Exploding offers: An “exploding offer” is any term sheet that has a date at which it’s rescinded. Many will argue this is a sign of a weak investor who can’t compete on brand, but I generally disagree. As a founder you want investors who will make fast, transparent decisions rather than being pulled along. The same is true for an investor. They want to know if a deal will go through, because if it doesn’t, they can get back to their own pipeline. A one-week offer is a BS timeframe, for sure, but being a professional means making a decision. If you get an exploding offer my advice is to ask (if needed) for enough time to close out your most advanced leads so you can make an informed choice. At most this probably means a few weeks, and you’ll need to become more direct with other funds to force them to decide quickly. No reasonable investor should balk at this, and if they do you should walk.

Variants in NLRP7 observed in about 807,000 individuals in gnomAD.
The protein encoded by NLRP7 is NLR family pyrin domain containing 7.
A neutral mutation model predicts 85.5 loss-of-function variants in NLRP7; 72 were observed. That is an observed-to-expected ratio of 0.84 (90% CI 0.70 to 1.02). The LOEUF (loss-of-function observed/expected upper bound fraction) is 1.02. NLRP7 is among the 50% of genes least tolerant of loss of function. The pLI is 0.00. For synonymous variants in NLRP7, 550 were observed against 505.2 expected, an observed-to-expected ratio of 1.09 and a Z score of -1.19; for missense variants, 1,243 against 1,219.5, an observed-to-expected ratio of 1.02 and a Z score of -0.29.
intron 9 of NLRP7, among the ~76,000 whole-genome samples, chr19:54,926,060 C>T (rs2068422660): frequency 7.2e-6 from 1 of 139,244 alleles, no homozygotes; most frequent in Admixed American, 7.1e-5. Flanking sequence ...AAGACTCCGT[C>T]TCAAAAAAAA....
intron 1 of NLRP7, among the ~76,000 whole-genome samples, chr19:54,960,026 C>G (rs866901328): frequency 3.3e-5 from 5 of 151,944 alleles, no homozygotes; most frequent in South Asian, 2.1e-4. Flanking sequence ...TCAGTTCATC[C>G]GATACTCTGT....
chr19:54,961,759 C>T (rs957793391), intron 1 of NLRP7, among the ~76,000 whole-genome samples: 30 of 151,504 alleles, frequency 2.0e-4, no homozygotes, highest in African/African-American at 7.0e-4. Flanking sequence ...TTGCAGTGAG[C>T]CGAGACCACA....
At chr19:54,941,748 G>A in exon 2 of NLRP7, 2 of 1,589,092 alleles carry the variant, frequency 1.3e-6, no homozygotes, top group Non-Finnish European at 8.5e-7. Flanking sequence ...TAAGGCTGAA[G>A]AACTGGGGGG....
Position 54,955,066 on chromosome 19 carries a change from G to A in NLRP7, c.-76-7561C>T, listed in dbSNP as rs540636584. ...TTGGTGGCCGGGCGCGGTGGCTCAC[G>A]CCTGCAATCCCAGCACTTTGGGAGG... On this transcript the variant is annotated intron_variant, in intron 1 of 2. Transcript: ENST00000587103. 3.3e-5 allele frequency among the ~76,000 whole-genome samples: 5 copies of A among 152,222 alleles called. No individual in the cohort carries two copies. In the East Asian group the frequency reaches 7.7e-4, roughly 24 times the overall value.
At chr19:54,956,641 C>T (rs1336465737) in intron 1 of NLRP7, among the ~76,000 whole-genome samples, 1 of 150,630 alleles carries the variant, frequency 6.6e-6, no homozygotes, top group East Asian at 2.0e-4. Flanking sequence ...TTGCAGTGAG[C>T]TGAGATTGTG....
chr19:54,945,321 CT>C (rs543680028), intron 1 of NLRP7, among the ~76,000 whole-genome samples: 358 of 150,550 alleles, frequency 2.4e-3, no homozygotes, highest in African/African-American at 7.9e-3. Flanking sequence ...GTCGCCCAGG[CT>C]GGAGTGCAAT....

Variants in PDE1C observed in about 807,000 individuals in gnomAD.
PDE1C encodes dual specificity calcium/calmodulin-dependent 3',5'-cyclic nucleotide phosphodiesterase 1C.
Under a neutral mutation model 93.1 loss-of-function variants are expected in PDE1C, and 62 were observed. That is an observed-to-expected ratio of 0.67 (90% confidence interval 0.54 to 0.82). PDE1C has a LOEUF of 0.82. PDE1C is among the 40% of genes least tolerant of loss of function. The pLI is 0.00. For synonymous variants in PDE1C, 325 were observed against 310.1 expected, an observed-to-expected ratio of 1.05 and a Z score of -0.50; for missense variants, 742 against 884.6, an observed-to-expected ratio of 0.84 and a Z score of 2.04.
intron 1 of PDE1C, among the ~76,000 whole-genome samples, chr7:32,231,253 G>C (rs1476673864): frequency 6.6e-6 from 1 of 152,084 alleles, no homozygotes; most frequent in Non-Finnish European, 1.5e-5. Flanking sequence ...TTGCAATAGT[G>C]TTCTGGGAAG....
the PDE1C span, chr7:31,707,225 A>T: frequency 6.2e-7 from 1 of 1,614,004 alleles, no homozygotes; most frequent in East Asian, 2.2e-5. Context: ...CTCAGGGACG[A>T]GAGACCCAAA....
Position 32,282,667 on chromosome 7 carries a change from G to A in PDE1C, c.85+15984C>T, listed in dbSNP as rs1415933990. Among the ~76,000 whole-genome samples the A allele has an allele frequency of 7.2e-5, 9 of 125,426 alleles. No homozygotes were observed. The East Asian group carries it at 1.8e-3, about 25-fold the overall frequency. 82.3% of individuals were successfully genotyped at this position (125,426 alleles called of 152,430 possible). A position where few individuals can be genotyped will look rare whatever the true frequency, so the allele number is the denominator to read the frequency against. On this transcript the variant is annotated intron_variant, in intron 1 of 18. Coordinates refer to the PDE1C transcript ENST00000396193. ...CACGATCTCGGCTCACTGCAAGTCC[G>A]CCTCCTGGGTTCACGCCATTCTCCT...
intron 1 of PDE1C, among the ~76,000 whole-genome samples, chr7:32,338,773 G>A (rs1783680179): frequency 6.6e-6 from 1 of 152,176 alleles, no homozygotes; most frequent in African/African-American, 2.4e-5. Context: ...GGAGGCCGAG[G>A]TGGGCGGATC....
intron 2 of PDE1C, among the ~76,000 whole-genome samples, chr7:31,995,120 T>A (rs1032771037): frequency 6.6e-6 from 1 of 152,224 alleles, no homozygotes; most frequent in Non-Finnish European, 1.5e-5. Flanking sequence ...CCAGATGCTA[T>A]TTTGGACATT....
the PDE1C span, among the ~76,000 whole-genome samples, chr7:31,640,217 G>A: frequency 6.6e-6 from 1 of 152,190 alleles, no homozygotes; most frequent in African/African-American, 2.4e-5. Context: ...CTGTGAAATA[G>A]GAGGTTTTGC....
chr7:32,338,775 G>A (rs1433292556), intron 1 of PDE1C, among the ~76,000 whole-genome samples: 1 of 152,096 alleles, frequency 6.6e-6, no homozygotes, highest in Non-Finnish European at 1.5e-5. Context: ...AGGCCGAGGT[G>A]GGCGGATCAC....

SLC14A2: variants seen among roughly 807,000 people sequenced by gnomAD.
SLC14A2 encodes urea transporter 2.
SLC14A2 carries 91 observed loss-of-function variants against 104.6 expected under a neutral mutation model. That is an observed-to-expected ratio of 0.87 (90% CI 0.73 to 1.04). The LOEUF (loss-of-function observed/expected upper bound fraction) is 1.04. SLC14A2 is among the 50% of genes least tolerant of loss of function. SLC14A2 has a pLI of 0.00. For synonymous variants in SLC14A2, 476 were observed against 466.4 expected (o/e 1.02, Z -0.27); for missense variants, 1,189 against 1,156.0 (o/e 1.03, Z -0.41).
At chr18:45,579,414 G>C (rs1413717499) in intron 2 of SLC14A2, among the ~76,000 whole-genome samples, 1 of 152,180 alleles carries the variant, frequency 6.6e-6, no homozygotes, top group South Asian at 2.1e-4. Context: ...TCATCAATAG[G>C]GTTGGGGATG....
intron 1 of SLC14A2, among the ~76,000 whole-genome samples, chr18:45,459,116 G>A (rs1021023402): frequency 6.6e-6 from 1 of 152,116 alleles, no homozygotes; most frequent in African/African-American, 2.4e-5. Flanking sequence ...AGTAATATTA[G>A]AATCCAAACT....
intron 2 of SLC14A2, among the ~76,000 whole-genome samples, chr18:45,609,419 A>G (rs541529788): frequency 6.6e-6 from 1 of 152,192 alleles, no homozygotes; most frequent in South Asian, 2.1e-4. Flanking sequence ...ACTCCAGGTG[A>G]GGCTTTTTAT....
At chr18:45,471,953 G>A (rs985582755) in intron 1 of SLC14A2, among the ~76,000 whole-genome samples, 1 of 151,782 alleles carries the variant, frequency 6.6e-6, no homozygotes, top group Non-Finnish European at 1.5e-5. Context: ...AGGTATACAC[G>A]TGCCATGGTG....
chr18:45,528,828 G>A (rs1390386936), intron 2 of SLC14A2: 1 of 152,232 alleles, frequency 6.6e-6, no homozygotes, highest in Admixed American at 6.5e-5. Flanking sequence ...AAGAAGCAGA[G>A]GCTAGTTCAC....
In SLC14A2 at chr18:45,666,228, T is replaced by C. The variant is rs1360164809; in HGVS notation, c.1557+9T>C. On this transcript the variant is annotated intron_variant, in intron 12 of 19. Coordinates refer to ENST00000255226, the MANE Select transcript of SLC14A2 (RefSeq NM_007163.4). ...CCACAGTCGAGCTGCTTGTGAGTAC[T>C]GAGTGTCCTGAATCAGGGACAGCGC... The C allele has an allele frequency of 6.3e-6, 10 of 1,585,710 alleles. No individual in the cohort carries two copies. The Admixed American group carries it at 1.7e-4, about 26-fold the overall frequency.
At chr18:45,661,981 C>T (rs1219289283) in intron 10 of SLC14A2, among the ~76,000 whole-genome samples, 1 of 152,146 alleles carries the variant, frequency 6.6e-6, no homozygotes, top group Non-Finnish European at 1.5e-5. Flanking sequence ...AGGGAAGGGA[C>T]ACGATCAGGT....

Stamina (again): This is the third time I’ve mentioned stamina in this series, and it’s as true now as it ever was. Negotiating is hard. A lot of people hate it, and that’s why there are agents in the world. There’s a wealth of great Negotiation 101 books (here and here), so I won’t waste your time with that. But what I tell all founders is stress is normal. It’s difficult to bargain over competing interests while building a relationship for the future. The best advice I can give is to be transparent, communicate your interest and be open to listening to the other side. An investor wants the deal to work as much as you do. Be professional and act like an adult. This deal sets the foundation for your business relationship, so playing games now will only screw you over in the future.
“Do stuff that keeps you grounded and know that the stress will pass. Avoid making decisions while you’re stressed. Remember to have fun…..you’re probably doing much better than you think.” — Suraj Gosai (CEO of Blinkpool)